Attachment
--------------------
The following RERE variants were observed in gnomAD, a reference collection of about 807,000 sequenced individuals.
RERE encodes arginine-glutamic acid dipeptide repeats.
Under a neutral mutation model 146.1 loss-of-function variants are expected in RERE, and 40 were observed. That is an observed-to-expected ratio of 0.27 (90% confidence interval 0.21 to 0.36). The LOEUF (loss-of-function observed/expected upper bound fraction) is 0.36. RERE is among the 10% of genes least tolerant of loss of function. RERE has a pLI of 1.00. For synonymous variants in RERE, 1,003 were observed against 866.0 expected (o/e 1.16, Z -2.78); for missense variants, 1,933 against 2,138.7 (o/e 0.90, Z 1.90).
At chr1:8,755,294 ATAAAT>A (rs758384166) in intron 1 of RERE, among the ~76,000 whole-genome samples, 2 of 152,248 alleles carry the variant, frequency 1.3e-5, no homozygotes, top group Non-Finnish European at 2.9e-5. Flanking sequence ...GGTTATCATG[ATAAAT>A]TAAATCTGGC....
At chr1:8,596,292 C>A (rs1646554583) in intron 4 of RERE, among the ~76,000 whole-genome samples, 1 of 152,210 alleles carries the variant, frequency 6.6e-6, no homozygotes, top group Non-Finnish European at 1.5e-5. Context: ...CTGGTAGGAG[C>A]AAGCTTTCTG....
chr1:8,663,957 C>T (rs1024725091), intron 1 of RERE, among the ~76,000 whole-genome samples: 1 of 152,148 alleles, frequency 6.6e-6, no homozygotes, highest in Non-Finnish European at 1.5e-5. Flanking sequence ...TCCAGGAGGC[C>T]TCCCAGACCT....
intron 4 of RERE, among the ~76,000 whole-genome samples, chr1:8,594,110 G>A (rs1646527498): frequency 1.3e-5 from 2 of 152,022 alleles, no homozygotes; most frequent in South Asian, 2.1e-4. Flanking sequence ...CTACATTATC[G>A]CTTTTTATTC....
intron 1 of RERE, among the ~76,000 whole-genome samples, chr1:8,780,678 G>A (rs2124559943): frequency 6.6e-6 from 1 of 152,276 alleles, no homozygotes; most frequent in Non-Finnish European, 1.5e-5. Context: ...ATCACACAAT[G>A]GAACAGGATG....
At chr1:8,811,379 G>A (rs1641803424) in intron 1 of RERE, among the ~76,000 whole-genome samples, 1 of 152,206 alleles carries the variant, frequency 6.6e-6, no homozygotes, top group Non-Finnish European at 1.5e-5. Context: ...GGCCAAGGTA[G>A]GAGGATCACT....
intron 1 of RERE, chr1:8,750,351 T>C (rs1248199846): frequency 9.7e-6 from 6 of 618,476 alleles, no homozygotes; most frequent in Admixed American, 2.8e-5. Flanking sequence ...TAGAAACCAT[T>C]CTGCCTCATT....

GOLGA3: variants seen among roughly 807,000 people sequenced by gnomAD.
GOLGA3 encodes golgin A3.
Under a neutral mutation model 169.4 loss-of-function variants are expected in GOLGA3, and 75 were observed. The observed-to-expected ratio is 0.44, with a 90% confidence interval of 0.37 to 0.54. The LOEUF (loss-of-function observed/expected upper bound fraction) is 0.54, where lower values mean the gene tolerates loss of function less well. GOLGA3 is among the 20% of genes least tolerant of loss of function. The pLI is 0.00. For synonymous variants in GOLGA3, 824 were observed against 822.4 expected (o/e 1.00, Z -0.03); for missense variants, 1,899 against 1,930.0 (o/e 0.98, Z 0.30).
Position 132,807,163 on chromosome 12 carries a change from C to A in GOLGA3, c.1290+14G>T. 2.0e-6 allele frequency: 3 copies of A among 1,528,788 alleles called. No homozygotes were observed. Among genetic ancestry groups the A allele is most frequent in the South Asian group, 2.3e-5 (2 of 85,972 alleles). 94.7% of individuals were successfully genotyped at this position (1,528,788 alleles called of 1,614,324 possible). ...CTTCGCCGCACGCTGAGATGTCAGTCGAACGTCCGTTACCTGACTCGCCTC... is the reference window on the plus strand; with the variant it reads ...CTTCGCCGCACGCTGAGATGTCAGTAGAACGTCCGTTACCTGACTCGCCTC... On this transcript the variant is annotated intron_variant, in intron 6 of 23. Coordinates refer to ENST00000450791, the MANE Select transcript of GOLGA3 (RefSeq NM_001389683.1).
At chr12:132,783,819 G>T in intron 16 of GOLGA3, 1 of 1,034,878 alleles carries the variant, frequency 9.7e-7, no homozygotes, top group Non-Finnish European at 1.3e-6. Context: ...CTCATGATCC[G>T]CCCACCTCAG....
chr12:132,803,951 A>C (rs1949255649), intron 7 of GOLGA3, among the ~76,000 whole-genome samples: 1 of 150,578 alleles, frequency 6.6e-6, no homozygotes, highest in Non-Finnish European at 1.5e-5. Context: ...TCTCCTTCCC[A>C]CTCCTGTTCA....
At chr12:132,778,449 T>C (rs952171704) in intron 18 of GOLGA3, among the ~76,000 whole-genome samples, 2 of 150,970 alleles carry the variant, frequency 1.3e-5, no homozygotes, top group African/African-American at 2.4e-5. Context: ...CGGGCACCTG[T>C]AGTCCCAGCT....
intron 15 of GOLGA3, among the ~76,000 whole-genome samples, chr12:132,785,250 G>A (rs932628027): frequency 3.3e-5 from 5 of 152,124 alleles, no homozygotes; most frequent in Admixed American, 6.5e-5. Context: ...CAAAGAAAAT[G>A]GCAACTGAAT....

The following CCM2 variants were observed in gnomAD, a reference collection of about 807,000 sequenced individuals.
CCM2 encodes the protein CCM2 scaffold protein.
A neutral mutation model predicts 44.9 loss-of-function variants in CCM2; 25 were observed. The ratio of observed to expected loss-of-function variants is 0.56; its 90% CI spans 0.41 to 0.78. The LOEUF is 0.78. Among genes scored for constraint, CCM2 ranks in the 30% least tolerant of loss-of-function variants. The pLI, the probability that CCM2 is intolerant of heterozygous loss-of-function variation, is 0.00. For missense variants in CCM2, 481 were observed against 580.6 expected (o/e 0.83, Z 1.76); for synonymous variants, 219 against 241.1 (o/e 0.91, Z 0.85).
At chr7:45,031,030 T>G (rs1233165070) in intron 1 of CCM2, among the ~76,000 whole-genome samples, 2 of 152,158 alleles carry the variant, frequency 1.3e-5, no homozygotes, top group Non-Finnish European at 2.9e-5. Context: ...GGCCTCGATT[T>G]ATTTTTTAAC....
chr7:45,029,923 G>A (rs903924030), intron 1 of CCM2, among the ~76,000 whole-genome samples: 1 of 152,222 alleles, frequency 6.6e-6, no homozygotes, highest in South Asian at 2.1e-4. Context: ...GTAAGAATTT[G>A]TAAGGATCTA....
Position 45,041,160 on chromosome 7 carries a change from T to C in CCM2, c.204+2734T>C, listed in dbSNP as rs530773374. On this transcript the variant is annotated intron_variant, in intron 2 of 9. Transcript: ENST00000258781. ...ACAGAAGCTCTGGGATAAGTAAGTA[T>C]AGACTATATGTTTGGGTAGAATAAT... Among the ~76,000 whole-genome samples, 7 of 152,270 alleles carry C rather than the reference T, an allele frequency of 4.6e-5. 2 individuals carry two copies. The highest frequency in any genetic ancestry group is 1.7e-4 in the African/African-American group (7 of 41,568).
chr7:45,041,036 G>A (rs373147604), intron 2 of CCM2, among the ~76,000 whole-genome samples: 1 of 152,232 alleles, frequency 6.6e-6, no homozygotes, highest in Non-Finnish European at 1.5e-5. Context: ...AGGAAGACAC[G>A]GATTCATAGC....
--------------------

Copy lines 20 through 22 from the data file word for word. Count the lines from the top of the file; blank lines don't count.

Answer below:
CCM2 encodes the protein CCM2 scaffold protein.
A neutral mutation model predicts 44.9 loss-of-function variants in CCM2; 25 were observed. The ratio of observed to expected loss-of-function variants is 0.56; its 90% CI spans 0.41 to 0.78. The LOEUF is 0.78. Among genes scored for constraint, CCM2 ranks in the 30% least tolerant of loss-of-function variants. The pLI, the probability that CCM2 is intolerant of heterozygous loss-of-function variation, is 0.00. For missense variants in CCM2, 481 were observed against 580.6 expected (o/e 0.83, Z 1.76); for synonymous variants, 219 against 241.1 (o/e 0.91, Z 0.85).
At chr7:45,031,030 T>G (rs1233165070) in intron 1 of CCM2, among the ~76,000 whole-genome samples, 2 of 152,158 alleles carry the variant, frequency 1.3e-5, no homozygotes, top group Non-Finnish European at 2.9e-5. Context: ...GGCCTCGATT[T>G]ATTTTTTAAC....